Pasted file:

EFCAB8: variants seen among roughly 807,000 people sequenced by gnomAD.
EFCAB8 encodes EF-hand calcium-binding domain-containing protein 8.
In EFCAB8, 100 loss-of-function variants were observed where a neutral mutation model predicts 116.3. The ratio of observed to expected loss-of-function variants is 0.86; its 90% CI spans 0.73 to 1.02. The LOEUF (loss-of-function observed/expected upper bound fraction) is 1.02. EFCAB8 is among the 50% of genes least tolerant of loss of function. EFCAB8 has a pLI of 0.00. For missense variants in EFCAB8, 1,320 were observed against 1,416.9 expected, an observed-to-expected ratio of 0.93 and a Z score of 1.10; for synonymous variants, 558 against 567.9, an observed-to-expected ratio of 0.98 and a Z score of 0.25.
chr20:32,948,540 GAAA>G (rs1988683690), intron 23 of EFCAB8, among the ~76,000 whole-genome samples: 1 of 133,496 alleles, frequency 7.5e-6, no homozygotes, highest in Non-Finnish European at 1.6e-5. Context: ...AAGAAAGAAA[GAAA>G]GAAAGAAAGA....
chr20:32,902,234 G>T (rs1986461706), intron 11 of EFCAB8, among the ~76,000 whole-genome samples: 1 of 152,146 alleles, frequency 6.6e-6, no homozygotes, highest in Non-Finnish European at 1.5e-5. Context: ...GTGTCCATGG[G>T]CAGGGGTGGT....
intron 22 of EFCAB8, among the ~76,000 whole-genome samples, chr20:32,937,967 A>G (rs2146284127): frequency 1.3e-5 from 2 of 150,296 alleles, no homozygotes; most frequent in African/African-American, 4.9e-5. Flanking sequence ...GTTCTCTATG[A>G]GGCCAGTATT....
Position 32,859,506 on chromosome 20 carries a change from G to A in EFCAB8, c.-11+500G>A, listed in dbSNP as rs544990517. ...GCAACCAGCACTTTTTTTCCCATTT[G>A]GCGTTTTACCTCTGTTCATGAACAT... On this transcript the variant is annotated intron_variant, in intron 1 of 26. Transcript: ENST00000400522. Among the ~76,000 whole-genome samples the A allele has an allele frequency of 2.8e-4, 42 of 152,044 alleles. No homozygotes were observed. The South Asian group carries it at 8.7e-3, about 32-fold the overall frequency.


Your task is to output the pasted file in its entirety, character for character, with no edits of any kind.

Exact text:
EFCAB8: variants seen among roughly 807,000 people sequenced by gnomAD.
EFCAB8 encodes EF-hand calcium-binding domain-containing protein 8.
In EFCAB8, 100 loss-of-function variants were observed where a neutral mutation model predicts 116.3. The ratio of observed to expected loss-of-function variants is 0.86; its 90% CI spans 0.73 to 1.02. The LOEUF (loss-of-function observed/expected upper bound fraction) is 1.02. EFCAB8 is among the 50% of genes least tolerant of loss of function. EFCAB8 has a pLI of 0.00. For missense variants in EFCAB8, 1,320 were observed against 1,416.9 expected, an observed-to-expected ratio of 0.93 and a Z score of 1.10; for synonymous variants, 558 against 567.9, an observed-to-expected ratio of 0.98 and a Z score of 0.25.
chr20:32,948,540 GAAA>G (rs1988683690), intron 23 of EFCAB8, among the ~76,000 whole-genome samples: 1 of 133,496 alleles, frequency 7.5e-6, no homozygotes, highest in Non-Finnish European at 1.6e-5. Context: ...AAGAAAGAAA[GAAA>G]GAAAGAAAGA....
chr20:32,902,234 G>T (rs1986461706), intron 11 of EFCAB8, among the ~76,000 whole-genome samples: 1 of 152,146 alleles, frequency 6.6e-6, no homozygotes, highest in Non-Finnish European at 1.5e-5. Context: ...GTGTCCATGG[G>T]CAGGGGTGGT....
intron 22 of EFCAB8, among the ~76,000 whole-genome samples, chr20:32,937,967 A>G (rs2146284127): frequency 1.3e-5 from 2 of 150,296 alleles, no homozygotes; most frequent in African/African-American, 4.9e-5. Flanking sequence ...GTTCTCTATG[A>G]GGCCAGTATT....
Position 32,859,506 on chromosome 20 carries a change from G to A in EFCAB8, c.-11+500G>A, listed in dbSNP as rs544990517. ...GCAACCAGCACTTTTTTTCCCATTT[G>A]GCGTTTTACCTCTGTTCATGAACAT... On this transcript the variant is annotated intron_variant, in intron 1 of 26. Transcript: ENST00000400522. Among the ~76,000 whole-genome samples the A allele has an allele frequency of 2.8e-4, 42 of 152,044 alleles. No homozygotes were observed. The South Asian group carries it at 8.7e-3, about 32-fold the overall frequency.